| Teen Diary Serial |

Metamorphosis: Chapter 8    

I feel weighed down. How can I get up and face the day if I might be mentally ill? Heeeeeelp!!!!



wake up, and it’s all sunshine and roses; nothing is bothering me. At least not for the first ten seconds. Then I remember what I was thinking yesterday and I am horrified. I am so normal, I do not have a mental illness! Or do I?! Help! What will my friends think of me?

I feel weighed down. How can I get up and face the day if I might be mentally ill? Heeeeeelp!!!!

I cannot handle this. I hide under my blanket.

Then I decide that since I’m fine now, it must’ve been a passing thing. I’ll go on and live my life as if nothing ever happened, ’cuz nothing really did.

I’m a little worried that it will come back. Scratch that — a lot worried. I decide to do my best to distract myself and not think about it. It doesn’t work so well. I feel like I’m walking around with a metal ball chained to my leg that won’t come off no matter how hard I pull it.

I’m holding a pile of text books (math, literature, and history), and thinking of the even pile of homework awaiting me at home, when I trip. Everything goes flying. I stand up, gather my stuff, and continue going. I’m halfway down the steps when I remember that the books all landed on someone’s bag and loose-leaf, which may have been damaged. I panic. If the loose-leaf binding cracked then it’s my responsibility to pay for a new one, but I don’t know if it did, and I don’t even know whose it is.

I retrace my steps. I know it was somewhere between lockers 210 and 215. They all have names on them so all I have to do is track down each girl and figure out whose loose-leaf that was.

I am somewhat calmer now as I head back down, but I won’t feel completely calm until I finish up this business. I wish I could figure it all out now and make sure I don’t owe anyone money.

It’s like a rock in my shoe, always there, making me feel so uncomfortable and tense. It’s there when I sit on the bus. It’s there when I eat supper. It’s there when I try to get started on my homework, but it’s so hard because I am so jittery.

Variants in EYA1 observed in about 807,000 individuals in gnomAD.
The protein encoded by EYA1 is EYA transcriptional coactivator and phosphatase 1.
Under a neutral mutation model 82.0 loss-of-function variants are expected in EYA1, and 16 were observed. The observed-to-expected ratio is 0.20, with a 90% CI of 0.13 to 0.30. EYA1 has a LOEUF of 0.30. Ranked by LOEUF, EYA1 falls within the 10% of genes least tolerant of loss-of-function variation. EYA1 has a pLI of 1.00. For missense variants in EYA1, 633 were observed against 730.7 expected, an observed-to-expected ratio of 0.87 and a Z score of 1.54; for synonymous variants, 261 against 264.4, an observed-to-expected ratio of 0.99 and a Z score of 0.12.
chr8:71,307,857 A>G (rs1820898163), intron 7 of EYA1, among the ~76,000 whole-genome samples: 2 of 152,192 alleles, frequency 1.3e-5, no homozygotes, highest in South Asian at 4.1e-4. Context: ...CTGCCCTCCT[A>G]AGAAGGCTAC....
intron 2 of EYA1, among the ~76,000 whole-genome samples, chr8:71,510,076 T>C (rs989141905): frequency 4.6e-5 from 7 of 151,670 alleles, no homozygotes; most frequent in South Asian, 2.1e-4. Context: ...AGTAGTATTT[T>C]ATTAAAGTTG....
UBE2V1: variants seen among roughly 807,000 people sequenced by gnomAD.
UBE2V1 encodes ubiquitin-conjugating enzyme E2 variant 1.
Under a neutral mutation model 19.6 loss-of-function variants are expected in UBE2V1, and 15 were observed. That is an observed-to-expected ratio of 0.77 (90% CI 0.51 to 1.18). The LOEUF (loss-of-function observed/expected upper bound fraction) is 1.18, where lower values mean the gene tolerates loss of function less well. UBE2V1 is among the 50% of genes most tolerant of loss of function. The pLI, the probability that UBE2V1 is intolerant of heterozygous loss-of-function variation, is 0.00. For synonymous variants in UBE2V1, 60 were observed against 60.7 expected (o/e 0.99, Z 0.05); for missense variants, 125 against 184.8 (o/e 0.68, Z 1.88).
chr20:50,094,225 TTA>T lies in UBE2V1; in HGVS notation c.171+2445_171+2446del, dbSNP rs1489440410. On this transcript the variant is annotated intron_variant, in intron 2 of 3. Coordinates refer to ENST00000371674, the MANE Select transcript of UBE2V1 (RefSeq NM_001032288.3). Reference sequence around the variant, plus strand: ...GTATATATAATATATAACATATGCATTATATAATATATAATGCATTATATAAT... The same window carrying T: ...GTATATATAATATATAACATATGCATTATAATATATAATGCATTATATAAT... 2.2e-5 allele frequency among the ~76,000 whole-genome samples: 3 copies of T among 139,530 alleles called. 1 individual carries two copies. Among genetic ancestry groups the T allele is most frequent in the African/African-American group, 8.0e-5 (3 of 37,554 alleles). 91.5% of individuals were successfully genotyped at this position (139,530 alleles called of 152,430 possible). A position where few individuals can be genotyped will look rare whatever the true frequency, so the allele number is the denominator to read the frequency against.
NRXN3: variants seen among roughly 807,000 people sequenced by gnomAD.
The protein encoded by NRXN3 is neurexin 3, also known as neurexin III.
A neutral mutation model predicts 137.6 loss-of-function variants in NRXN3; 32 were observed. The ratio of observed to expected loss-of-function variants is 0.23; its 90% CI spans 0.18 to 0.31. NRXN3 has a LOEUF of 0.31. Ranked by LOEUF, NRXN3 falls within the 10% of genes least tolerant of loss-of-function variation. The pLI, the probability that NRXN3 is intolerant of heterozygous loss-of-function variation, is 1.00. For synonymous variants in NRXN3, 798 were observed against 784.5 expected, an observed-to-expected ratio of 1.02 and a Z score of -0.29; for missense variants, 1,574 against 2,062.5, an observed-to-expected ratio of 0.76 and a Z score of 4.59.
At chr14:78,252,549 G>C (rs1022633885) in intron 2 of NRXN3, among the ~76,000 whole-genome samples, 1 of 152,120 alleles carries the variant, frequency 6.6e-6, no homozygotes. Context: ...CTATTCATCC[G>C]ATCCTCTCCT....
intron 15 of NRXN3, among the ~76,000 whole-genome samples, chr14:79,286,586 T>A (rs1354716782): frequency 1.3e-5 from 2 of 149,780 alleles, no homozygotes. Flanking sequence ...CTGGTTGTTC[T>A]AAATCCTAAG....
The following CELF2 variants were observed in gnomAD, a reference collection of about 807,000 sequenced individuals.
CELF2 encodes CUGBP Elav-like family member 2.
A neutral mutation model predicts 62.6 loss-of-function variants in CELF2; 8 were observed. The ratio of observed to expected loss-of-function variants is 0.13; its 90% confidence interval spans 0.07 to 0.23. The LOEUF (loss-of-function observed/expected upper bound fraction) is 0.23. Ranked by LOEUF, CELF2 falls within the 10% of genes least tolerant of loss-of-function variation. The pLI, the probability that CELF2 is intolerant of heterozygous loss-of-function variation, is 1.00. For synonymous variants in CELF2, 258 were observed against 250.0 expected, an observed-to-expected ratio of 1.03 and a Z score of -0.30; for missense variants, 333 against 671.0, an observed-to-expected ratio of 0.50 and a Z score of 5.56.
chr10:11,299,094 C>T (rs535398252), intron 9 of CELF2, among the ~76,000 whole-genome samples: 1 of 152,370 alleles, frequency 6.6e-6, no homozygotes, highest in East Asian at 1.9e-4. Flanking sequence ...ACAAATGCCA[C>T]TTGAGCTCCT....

What if I forget about tracking down this girl? Then I might have bad mazel my whole life. I just want to get this over with already.

I toss and turn half of the night because I’m so nervous about this. Finally, it’s the morning. I rush to get dressed and race to the bus stop ten minutes early. I cannot afford to miss the bus today.

We get to school and without waiting for Ahuva, and I walk briskly inside and head to the seniors’ classroom. I stand by the doorway, feeling very out of place and looking for those girls, when I see it. The silver-and-black loose-leaf from yesterday. The one that made me a wreck for a day. I run over and examine it. It seems perfectly fine. As I head out, I notice some girls eyeing me; I guess what I did seemed strange. But I don’t care, I’m finally  free of the suffocating burden of the last 12 hours.

The candles are glowing as I sit on the couch on Leil Shabbos, relaxing with a book. The little kids are playing calmly for a change and my mother and Dini are resting. It’s an idyllic picture. So why do I feel so unsettled? Then I remember what happened. It was the salad that I was eating. The knife I used fell on the floor and I forgot to rinse it off. I only remembered as I was eating my feta-cheese salad that there may have been fleishigs on the floor where the knife fell. If I cut my peppers with a knife that had residue of meat on it and then it mixed with cheese… I can’t even think about it. I must’ve eaten treif. I sit paralyzed on the couch. I can’t face this. I’m a good girl. How could I have stooped so low as to eat treif? How?!

The door swings open. My father and brothers walk in. “Good Shabbos, Perela,” my father greets me.

I force my lips to smile. “Good Shabbos.”

My father says an interesting devar Torah at the table, but all I can think about is that I’m a terrible person and I’m hopeless. The food tastes like dust. I don’t even laugh when my brother cracks a joke.

To be continued…


(Originally featured in Mishpacha Jr., Issue 959)

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